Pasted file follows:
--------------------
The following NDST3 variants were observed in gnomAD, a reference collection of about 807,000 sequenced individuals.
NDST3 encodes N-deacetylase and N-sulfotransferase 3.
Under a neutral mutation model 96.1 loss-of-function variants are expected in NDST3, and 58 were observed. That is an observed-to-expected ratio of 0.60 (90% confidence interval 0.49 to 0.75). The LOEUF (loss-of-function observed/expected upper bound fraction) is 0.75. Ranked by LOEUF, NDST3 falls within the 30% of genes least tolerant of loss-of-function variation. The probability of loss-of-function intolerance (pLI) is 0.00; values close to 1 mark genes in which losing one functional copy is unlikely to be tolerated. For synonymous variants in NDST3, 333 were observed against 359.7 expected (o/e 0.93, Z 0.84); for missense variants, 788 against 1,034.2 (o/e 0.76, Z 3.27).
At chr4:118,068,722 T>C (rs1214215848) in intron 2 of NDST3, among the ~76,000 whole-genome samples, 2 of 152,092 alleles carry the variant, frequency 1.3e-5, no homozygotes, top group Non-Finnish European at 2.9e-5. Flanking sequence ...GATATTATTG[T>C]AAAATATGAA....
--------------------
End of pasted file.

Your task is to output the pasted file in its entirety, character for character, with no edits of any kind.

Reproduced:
The following NDST3 variants were observed in gnomAD, a reference collection of about 807,000 sequenced individuals.
NDST3 encodes N-deacetylase and N-sulfotransferase 3.
Under a neutral mutation model 96.1 loss-of-function variants are expected in NDST3, and 58 were observed. That is an observed-to-expected ratio of 0.60 (90% confidence interval 0.49 to 0.75). The LOEUF (loss-of-function observed/expected upper bound fraction) is 0.75. Ranked by LOEUF, NDST3 falls within the 30% of genes least tolerant of loss-of-function variation. The probability of loss-of-function intolerance (pLI) is 0.00; values close to 1 mark genes in which losing one functional copy is unlikely to be tolerated. For synonymous variants in NDST3, 333 were observed against 359.7 expected (o/e 0.93, Z 0.84); for missense variants, 788 against 1,034.2 (o/e 0.76, Z 3.27).
At chr4:118,068,722 T>C (rs1214215848) in intron 2 of NDST3, among the ~76,000 whole-genome samples, 2 of 152,092 alleles carry the variant, frequency 1.3e-5, no homozygotes, top group Non-Finnish European at 2.9e-5. Flanking sequence ...GATATTATTG[T>C]AAAATATGAA....